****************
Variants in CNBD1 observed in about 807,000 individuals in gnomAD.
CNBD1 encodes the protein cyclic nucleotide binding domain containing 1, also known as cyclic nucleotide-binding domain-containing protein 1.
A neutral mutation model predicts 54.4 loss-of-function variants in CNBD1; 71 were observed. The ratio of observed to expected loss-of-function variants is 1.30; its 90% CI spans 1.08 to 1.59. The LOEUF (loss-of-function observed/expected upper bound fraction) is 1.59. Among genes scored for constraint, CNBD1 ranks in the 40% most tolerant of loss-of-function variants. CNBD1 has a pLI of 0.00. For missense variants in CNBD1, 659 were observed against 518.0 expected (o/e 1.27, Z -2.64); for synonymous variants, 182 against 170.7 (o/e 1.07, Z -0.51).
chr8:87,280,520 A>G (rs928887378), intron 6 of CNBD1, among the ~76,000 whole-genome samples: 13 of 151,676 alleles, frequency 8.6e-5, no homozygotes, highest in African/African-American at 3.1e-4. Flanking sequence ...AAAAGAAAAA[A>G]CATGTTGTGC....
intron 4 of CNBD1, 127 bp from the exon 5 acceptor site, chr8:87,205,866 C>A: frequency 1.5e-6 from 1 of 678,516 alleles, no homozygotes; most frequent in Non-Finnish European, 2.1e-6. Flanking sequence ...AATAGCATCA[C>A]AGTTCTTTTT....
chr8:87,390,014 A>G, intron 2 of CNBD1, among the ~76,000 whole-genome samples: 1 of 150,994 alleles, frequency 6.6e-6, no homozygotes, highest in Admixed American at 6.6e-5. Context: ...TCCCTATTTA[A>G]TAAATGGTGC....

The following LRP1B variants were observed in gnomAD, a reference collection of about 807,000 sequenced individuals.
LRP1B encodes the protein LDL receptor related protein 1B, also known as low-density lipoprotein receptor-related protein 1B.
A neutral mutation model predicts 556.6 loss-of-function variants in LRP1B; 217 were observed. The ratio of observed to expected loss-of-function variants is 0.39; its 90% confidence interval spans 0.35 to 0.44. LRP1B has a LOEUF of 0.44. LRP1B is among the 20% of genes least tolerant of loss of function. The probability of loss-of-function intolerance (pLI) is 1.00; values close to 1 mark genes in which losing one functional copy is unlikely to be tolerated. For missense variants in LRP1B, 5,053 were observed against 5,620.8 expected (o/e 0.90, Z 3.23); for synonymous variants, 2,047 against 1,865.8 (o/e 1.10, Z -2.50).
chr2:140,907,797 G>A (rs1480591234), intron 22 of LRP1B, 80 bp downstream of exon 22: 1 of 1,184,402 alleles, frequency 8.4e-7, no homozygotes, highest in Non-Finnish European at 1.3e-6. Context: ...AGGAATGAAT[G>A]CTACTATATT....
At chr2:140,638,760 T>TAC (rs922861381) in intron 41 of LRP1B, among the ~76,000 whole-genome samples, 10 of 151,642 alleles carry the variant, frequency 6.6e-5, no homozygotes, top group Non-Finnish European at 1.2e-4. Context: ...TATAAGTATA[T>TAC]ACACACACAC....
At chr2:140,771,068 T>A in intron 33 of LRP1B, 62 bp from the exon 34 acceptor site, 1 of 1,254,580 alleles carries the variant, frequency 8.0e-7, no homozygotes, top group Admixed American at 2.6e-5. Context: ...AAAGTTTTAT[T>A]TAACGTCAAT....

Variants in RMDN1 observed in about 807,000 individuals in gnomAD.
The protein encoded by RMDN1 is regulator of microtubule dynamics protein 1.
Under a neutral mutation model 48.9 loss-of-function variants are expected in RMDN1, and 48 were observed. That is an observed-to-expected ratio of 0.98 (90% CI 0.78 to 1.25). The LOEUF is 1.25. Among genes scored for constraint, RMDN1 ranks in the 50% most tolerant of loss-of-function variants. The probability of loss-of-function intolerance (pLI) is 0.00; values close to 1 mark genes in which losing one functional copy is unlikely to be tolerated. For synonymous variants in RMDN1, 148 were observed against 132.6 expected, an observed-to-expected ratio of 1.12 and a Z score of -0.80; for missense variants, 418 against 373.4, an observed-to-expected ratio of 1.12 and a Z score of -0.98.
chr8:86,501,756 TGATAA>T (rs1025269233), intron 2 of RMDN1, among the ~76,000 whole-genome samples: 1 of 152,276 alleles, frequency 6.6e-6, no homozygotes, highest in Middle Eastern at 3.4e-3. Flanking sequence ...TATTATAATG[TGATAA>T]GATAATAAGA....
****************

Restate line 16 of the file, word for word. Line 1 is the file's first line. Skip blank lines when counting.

chr8:86,501,756 TGATAA>T (rs1025269233), intron 2 of RMDN1, among the ~76,000 whole-genome samples: 1 of 152,276 alleles, frequency 6.6e-6, no homozygotes, highest in Middle Eastern at 3.4e-3. Flanking sequence ...TATTATAATG[TGATAA>T]GATAATAAGA....